Hinchinbrook Island historically boasts extensive seagrass meadows and a thriving dugong population, but the region is still recovering from the devasting impacts from Cyclone Yasi more than a decade ago.
In a new program, Girringun Traditional Owners are leading a new high-tech seagrass and dugong monitoring program around Hinchinbrook Island – focusing on fine-scale monitoring to map the elusive dugongs in connection to their seagrass habitats.
The program has TropWATER scientists equipping Indigenous rangers with the skills to utilise small drones for dugong surveys, while undertaking helicopter and boat-based surveys to generate “digital maps” of seagrass habitats.
Funded by the Great Barrier Reef Foundation’s Healing Country Grant, the initiative is driving strong Sea Country management while enriching scientific knowledge. The program is in partnership with JCU, Charles Darwin University and the Girringun Aboriginal Corporation.
Empowering Indigenous-led sea country management
Girringun Aboriginal Corporation represents the interests of nine tribal groups and six saltwater Traditional Owner groups in the Cardwell and Hinchinbrook region, in North Queensland, with groups holding profound cultural ties and a wealth of ancestral wisdom that spans their respective traditional areas.
Girringun have worked closely with TropWATER scientists for decades in connecting western science and Indigenous knowledge to better manage and protect these habitats.
Jade Pryor, coordinator of Girringun Traditional Use of Marine Resources Agreement (TUMRA), said there had been a growing focus on gathering data on the dugongs and seagrass habitats in the region.
“This program has provided a new generation of Indigenous rangers and Traditional Owners with an opportunity to connect and look after their Sea Country, while actively contributing to building the scientific data required for managing dugong and seagrass,” she said.
Jade said the program has allowed for the continuing growth for employment opportunities for Traditional Owners, and given elders the opportunity to connect with Country and share knowledge with younger generations.
“This has immense value in supporting our People spiritually and emotionally,” she said.
“Our vision is for our People to be self-sufficient in sea country monitoring.”
Hinchinbrook: An important dugong hotspot in the Great Barrier Reef
Dugongs’ main food source is seagrass – making the health of the seagrass meadows crucial for the survival of the local dugong population.
While seagrass surveys have shown large meadows in the northern Hinchinbrook region, these habitats are vulnerable to the impacts of cyclones and floods, and are still recovering from seagrass loss caused by Cyclone Yasi in 2011.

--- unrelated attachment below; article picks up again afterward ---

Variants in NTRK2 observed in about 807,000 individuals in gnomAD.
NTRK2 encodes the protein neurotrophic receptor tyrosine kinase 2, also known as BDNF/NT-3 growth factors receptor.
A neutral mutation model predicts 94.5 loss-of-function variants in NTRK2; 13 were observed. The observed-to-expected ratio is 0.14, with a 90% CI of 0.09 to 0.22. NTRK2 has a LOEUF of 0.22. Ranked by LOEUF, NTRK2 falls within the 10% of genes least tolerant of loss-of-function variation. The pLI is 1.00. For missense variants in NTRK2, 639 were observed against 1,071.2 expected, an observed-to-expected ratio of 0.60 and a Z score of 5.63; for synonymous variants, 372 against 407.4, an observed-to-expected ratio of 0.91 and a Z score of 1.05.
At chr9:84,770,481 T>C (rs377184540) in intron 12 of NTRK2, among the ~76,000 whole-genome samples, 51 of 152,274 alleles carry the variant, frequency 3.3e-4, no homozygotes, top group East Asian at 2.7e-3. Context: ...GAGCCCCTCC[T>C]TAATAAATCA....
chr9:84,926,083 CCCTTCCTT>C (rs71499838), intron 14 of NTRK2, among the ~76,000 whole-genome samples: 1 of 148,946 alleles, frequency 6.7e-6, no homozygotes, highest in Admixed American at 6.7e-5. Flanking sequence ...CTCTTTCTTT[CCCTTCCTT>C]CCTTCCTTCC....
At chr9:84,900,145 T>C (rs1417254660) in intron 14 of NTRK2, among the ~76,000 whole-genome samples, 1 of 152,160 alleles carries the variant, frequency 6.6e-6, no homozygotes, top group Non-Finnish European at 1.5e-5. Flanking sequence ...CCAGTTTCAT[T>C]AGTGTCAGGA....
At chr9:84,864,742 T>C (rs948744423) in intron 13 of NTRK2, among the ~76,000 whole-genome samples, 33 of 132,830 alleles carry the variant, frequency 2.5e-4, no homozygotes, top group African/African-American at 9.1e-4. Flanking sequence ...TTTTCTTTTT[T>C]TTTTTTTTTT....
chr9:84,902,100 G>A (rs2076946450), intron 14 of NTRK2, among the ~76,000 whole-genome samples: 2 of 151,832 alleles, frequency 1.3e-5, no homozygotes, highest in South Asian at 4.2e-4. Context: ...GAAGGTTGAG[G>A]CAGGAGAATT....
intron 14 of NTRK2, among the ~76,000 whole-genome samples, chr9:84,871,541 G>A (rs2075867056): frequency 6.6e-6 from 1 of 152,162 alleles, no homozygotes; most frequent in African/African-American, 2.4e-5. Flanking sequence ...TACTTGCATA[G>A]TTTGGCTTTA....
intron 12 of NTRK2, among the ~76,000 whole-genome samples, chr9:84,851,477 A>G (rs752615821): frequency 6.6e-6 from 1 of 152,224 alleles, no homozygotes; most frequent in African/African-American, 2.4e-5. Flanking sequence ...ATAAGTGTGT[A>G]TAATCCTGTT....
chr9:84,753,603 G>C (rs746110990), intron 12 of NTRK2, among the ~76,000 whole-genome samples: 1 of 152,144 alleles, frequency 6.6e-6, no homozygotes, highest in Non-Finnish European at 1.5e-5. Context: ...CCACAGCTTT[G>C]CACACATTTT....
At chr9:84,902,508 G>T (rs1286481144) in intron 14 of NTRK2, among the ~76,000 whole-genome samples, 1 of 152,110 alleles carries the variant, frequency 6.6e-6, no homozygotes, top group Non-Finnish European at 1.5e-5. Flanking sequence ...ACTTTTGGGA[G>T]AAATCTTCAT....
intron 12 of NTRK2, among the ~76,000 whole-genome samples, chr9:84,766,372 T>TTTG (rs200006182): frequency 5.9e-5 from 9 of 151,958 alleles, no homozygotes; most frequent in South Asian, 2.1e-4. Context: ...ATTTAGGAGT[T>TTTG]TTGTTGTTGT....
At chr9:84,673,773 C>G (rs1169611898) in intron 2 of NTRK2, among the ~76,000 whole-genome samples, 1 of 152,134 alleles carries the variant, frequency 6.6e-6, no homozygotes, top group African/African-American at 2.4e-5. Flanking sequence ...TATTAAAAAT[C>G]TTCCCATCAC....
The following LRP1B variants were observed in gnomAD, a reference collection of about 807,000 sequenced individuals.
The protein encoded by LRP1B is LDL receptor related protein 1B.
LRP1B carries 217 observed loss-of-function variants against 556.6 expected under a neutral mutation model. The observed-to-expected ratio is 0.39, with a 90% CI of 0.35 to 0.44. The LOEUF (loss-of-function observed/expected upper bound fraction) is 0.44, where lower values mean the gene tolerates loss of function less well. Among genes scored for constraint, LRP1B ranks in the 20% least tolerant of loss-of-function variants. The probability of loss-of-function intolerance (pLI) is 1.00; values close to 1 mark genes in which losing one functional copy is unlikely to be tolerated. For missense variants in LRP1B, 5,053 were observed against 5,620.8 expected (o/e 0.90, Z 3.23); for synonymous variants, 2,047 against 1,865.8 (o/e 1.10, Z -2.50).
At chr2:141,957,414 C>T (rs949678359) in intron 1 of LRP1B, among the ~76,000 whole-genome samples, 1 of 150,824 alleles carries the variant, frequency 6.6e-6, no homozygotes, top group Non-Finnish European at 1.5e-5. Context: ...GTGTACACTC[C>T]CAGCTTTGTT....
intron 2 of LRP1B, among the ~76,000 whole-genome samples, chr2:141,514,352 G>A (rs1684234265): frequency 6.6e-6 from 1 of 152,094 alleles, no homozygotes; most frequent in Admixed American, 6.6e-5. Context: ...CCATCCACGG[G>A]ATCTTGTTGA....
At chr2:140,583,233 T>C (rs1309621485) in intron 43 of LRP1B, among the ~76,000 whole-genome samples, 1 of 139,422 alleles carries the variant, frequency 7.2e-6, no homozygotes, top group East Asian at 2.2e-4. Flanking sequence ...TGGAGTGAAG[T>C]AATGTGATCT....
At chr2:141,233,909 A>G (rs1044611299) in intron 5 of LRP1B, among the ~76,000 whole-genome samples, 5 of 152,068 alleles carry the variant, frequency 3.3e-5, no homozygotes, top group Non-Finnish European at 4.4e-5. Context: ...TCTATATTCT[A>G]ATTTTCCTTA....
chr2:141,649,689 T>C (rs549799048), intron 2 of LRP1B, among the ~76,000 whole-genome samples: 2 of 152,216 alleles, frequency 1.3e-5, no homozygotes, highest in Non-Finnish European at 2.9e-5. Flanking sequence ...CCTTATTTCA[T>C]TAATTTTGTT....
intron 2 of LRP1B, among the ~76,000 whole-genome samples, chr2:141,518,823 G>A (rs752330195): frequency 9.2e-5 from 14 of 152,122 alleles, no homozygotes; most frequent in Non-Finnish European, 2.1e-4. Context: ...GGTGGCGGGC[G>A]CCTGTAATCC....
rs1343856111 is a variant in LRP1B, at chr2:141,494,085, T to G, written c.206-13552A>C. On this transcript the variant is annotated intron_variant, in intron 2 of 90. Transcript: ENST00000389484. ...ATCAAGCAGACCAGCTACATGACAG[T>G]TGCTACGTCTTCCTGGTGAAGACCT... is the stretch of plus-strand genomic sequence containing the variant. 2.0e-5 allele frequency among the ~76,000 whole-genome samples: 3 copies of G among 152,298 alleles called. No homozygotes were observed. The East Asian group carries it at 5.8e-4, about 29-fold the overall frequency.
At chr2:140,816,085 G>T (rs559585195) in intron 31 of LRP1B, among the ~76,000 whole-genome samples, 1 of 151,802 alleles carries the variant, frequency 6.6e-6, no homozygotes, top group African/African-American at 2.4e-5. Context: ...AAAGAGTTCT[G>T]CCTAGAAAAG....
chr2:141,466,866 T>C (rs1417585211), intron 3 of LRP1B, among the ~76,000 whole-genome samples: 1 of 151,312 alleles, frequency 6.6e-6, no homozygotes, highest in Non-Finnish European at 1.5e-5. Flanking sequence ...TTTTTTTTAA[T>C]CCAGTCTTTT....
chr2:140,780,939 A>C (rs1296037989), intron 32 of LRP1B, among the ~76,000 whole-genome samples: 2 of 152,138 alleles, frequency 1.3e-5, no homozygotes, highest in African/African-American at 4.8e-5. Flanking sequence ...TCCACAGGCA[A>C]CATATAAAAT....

TropWATER’s seagrass ecologist Dr Alex Carter said despite Hinchinbrook’s reputation as a dugong hotspot, there was limited data on seagrass in the area.
“We hope this ranger-led monitoring program can track the condition of key meadows over time, especially in the face of growing climate-related pressures.”
Alex said the Indigenous-led monitoring was also zooming in to understand the important relationship between seagrass and dugong health in the region.
“That’s the exciting part of this project. We’re gaining a unique insight into how and when dugongs use seagrass habitats, and that’s never been done in this region before.”
To allow recovery of seagrass habitats and dugongs, Girringun have also banned traditional hunting of dugongs, with regular patrols undertaken by Girringun Rangers in partnership with Great Barrier Reef Marine Park Authority Compliance Team and Queensland Department of Agriculture and Fisheries.
Drones, AI and genetics: the emerging technologies
Drones, genetic analysis, artificial intelligence, and animal-borne tracking tags are emerging technologies that can drive robust community monitoring programs – and enable fast collection of scientific data.
TropWATER dugong expert Dr Chris Cleguer said the high-tech program gives Traditional Owners the opportunity to monitor both ecological and cultural important habitats.
“Girringun monitoring program has set an incredible benchmark for future Indigenous-led monitoring programs,” he said.
“We finally have tools that enable rangers and members of the wider community to be a lot more involved and lead their own monitoring programs with remote support from scientists.
“We’re seeing new generations reconnect and care for country, while providing unique data and information that scientists just can’t collect on a frequently bases like sea rangers can.”
The team hope to expand the seagrass and dugong project across northern Australia.